• A circular prayer path built of stone that was 10 meters high and 42 meters in diameter ran around the Temple. Its height was 29 meters, while its diameter was 42 meters.
  • The Vedika pillars are carved with a multitude of Gods, the Bodhi tree, the Bodhi tree stupa, the Dharmachakra, and stories from the jatakas.
  • Four lions decorate the Vedika of the Torah, the entrance gate of the stupa.
  •  On the pillars, there are Laos lotuses carved into the surface.
  • The Amaravati stupa also contains several images.
  •  Buddha’s symbolism mainly consisted of symbols, but later Buddha images, along with their symbolism, began to appear.

NAGARJUNAKONDA

In contrast to the style of North India, this stupa was built in a different manner. The most important scenes are

  • Gods are praying to Bodhisattva to take birth on earth.
  • Buddha’s entry into the womb in the form of a white elephant.
  • Birth of the Buddha under a flowering teak tree.

 

PILLARS

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  • Pillars were made as a symbol of the state.
  • To commemorate the victory.
  • To propagate imperial sermon.
  • They are made up of single sandstone.

 

SOME PROMINENT PILLARS

 

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                    RAMPURA BULL CAPITAL
  • Black and white sandstone (Mathura)
  • Black spotted buff sandstone (Chumar)
  • Bull capital (Rampura)
  • Lion capital(Sarnath)
  • Lion capital (Sanchi)

SARNATH LION CAPITAL

Mauryan Art And Architecture

  • The Lion capital of Sanath, regarded as the most exquisite specimen of Mauryan art and selected as India’s national emblem, is a prime example of Mauryan sculpture.
  • The Lion Capital, which was excavation more than a century ago at Sarnath near Varanasi and is considered one of the best specimens of Mauryan sculpture, is known as the Sarnath Lion Capital.
  • Ashoka created a capital, which was initially divided into five pieces, to commemorate the historical event of the Buddha’s first sermon, or Dharmachakrapravartana, in Sanath.
  • The axis is broken in many parts now.
    • A base for a lotus bell.
    • A clockwise rotation of four animals on a drum on the Bell base.
    • Four beautiful addorsed lions’ representations.
    • Dharmachakra the pillar’s crowing elements, was also made up of a large wheel. 

CAVES

Barabar Hills CavesNagarjun Hills Caves
Lomas Rishi caveGopi ka kubha cave
Sudama cave VaDythika ka kubha cave
Karnchopar caveVapiya kubha cave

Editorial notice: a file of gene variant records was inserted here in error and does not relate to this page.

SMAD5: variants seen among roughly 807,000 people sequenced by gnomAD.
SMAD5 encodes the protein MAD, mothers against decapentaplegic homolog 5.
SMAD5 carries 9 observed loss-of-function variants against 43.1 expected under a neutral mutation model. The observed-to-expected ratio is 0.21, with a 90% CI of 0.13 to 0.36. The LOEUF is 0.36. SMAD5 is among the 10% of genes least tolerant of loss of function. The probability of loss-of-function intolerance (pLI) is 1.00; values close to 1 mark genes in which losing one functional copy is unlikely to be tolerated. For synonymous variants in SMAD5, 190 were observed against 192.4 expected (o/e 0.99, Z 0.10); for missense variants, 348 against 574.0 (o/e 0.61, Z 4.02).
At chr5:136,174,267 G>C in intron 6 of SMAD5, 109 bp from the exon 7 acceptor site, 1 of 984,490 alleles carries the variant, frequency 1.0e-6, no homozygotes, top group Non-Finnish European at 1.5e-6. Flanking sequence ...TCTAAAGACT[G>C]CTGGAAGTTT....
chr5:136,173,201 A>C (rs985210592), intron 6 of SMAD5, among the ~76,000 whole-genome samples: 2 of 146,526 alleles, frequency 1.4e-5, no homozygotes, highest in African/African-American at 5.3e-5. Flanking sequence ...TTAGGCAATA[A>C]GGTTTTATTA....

Vishwa cave

 

POTTERY ( NATURAL BLACK POLISH WARE)

  • A form of Mauryan pottery known as Northern Black Polish Ware.
  • These are generally used as luxury items because of their painting in the black highly lustrous finish. NBPW ceramic is produced at Kosambi and Patliputra.

 

MAURYAN SCULPTURE

During this period, a significant advancement in Indian sculpture was made. Guilds of artisans who aided Ashoka in his initiatives are mentioned in period literature. In order to express Buddhism in stone, the emperor declares himself the protector of Dhamma. He issues edicts in Pali and Brahmi.

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  • Monumental paintings of Yasgha, Yakhinis, animals, rock-out caves, and pillar columns with capital figures dating from the 3rd century BCE have been discovered in various parts of India.
  • It portrays the prevalence of yaksha worship and how it became a figure in Buddhist and Jain religious structures. Huge Yakshas and Yakshinis statues can be found in a number of places, including Patna, Vidisha, and Mathura.
  • it demonstrates the artist’s skill in representing the human body. the image has a gleaming finish. The Yakshi statue is a nice example comparing Terracotta figurines with sculpture, one can clearly discern that the shape of the body the very different.
  • The craftsmanship of figure representation in these rock-out examples is outstanding. In Dhauli, Odisha, for example, Dhauli elephant models in the round with a linear beat. It also contains Ashokan Rock Edicts.
  • the dazzling polish applied to the stone surface is one of the most distinctive elements of Mauryan art. The superiority of an average stone is enhanced by its mirror-like shine.
  • In general, Mauryan sculptures were exceptionally skilled at carving relief on the face of stone and carving excellent figurines with beautiful elements.

CONCLUSION

Chunar stone was used for the first time in India to crave relief and circular sculptures during this exciting period in Indian sculpture’s early years. This represented the incredible communication of Dharma far and wide throughout the Mauryan empire. stone gradually supplanted wood in the construction of structural components and the creation of artwork. with the emergence of a social group that granted substantial patronage for the production of splendid examples of art and also new trends. as a result of the Mauryan art, Indian art history was flooded with an incredible amount of imagination.